Huawei is the second largest producer of smartphones in the world. In recent months, the US Government accused the company of including malware and spyware on their phones that enabled them to collect information from the phone and the area around it. In other words, it is a tool for espionage and cyber attacks.
In 2014, the US Government banned Huawei from bidding on any federal agency contracts. Early in 2018, The Verge reported that six US intelligence agency chiefs testified before Congress about the threat the phones posed and the dangers of allowing them to operate inside US communication networks. There was also talk of creating legislation prohibiting US Government employees from using the phones.
Why the worry over the company and its various subsidiaries? The primary reason seems to be the fact that Huawei was founded by an engineer who served in the Peoples Liberation Army and that the company was apparently operating as an arm of the Chinese Government. Having a potentially hostile government influencing the operations of a technology company like Huawei was deemed an unacceptable risk. If their products became widely used inside US communication networks, the potential for them to be weaponized and attack the networks was an unacceptable national security risk.
According to an article in The Hacker News, the US Government has taken things a step further. President Donald Trump has signed an Executive Order that bans US companies from doing business with the Chinese company or any of its 68 subsidiaries without approval from the US Government. When that Order was issued, several large US high tech companies suspended business relationships with Huawei.
Perhaps the most notable in terms of impact on Huawei is Google. They have revoked all rights to the use of their Android OS and access to other services like the Google Play Store. The move does not mean that the phones of existing users will stop working. It means that they will not receive any future system upgrades. As we have noted in previous blog posts, keeping your OS updated is a fundamental step that cannot be neglected to protect against cyber attacks.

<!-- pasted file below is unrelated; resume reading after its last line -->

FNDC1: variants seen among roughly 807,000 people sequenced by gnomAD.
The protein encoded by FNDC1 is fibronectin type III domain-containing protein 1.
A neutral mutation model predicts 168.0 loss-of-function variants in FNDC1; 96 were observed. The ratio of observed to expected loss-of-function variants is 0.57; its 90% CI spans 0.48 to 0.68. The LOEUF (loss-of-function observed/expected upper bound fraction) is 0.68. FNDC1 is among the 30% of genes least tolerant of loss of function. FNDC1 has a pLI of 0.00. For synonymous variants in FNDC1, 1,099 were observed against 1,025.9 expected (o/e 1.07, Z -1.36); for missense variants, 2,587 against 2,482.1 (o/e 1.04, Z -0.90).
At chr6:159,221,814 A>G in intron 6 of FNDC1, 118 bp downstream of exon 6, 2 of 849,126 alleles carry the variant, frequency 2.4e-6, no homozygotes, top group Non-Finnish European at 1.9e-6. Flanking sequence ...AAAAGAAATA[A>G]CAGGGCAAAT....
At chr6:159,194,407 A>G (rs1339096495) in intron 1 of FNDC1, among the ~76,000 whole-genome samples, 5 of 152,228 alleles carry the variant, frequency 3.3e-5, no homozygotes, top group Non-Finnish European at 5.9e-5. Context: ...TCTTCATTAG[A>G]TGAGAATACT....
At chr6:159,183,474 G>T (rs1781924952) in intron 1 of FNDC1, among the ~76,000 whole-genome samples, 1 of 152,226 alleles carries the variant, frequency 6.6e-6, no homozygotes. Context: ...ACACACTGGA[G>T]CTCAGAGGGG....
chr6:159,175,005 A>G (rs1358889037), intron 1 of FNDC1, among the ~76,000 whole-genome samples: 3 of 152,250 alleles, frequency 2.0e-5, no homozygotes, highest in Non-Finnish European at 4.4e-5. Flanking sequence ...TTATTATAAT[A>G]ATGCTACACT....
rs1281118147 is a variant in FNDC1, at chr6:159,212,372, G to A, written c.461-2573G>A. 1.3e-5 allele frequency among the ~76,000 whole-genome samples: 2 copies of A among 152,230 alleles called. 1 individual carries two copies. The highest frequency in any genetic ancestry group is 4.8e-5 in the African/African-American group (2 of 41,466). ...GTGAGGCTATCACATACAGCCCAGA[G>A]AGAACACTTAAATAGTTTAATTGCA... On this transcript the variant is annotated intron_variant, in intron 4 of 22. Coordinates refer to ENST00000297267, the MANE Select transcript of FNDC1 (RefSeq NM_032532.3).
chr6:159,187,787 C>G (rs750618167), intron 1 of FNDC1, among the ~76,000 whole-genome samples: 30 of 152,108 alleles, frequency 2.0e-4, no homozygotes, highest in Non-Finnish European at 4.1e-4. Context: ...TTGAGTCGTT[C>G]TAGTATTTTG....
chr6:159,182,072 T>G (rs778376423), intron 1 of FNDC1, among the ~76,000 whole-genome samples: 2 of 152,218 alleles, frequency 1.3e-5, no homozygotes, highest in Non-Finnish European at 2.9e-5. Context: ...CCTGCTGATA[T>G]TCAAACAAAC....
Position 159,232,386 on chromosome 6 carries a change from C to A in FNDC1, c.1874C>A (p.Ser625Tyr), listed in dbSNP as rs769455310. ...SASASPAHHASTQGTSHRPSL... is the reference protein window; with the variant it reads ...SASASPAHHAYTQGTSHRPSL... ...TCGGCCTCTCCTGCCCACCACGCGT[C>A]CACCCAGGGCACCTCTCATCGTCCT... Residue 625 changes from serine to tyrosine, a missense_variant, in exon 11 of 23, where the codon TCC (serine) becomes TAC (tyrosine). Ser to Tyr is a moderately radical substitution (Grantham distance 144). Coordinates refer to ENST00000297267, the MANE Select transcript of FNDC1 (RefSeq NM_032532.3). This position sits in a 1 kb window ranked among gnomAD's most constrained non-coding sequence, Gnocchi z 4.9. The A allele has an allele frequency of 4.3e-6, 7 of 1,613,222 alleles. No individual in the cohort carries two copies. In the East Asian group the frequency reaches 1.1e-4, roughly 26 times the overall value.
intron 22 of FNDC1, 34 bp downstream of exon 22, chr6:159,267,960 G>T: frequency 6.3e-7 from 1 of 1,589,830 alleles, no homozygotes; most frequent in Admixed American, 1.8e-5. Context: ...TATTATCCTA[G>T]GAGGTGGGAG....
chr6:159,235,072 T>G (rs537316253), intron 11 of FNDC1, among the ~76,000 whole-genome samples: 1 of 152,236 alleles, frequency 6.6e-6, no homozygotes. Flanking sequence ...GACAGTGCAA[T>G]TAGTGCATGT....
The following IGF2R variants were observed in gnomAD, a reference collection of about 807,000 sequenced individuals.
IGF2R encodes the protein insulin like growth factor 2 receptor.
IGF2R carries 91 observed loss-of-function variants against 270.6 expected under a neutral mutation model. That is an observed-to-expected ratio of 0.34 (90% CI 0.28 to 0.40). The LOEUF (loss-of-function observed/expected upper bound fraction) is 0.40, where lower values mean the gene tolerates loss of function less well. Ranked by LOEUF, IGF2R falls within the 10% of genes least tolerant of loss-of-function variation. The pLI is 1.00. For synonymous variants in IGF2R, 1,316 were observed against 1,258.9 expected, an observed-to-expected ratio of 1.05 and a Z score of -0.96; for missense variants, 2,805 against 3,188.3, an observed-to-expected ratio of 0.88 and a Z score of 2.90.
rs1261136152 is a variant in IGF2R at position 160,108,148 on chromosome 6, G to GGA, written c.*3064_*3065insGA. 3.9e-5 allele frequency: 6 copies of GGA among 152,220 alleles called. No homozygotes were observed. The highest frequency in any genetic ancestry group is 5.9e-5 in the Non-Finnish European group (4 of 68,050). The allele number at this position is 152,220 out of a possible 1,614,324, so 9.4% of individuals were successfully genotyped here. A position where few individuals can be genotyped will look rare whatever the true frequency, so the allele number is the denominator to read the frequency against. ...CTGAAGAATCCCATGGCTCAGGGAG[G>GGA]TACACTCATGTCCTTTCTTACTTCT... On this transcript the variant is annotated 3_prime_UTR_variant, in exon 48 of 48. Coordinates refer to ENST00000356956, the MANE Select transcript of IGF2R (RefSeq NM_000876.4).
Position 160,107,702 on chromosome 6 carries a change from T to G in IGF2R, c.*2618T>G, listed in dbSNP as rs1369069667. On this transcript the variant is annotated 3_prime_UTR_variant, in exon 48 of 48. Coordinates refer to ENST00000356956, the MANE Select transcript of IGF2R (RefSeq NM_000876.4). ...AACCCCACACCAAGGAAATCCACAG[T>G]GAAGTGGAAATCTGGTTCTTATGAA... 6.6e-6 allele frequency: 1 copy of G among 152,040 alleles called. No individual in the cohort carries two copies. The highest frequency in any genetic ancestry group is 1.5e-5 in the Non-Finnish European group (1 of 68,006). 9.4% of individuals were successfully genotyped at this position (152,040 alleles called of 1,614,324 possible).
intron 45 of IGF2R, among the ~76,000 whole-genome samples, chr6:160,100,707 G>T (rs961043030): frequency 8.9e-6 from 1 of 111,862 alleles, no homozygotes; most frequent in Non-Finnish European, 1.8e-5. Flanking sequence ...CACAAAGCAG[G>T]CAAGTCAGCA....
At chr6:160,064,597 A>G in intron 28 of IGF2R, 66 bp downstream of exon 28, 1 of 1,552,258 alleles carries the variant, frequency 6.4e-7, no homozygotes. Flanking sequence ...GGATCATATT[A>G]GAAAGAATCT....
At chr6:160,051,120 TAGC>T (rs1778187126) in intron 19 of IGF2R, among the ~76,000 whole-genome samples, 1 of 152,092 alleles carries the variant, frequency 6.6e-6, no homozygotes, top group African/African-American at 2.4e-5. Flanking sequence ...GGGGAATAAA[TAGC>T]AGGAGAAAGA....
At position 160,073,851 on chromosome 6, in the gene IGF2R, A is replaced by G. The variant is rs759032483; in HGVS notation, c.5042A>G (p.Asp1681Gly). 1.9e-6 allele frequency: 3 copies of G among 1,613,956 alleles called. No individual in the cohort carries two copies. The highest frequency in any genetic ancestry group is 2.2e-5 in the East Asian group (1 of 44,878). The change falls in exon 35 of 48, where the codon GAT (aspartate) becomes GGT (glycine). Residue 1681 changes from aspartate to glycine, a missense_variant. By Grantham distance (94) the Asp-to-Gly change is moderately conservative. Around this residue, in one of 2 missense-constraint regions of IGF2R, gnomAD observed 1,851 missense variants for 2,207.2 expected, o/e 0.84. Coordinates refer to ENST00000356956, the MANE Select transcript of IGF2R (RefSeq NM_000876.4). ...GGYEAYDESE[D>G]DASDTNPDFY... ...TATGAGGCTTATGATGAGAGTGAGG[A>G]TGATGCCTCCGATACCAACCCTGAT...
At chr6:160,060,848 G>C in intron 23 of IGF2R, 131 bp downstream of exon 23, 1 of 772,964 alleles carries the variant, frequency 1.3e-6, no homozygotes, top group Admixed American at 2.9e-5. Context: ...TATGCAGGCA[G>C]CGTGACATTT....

Other US firms that have ceased doing business with Huawei include Qualcomm, Broadcom, and Intel. The Order profoundly impacts the ability of Huawei to market its phones and those of its subsidiary, ZTE, to the US market.
Huawei remains defiant, saying they will not allow the move to “crush their company.” But it cannot bode well for sales revenues and growth. The announcement apparently was not a total surprise to the company as they have been developing their own OS in recent months. Concerning the loss of access to chips from the US companies, we suspect there are plenty of options to choose from in China and elsewhere.
Protecting the infrastructure and citizens of the country is a significant part of what governments around the world do. It is expected. We, as individuals, cannot rely solely on our governments for the protection of our personal information and identities. We need to take steps to limit the chances that a bad actor will steal our data and use it to our disadvantage.
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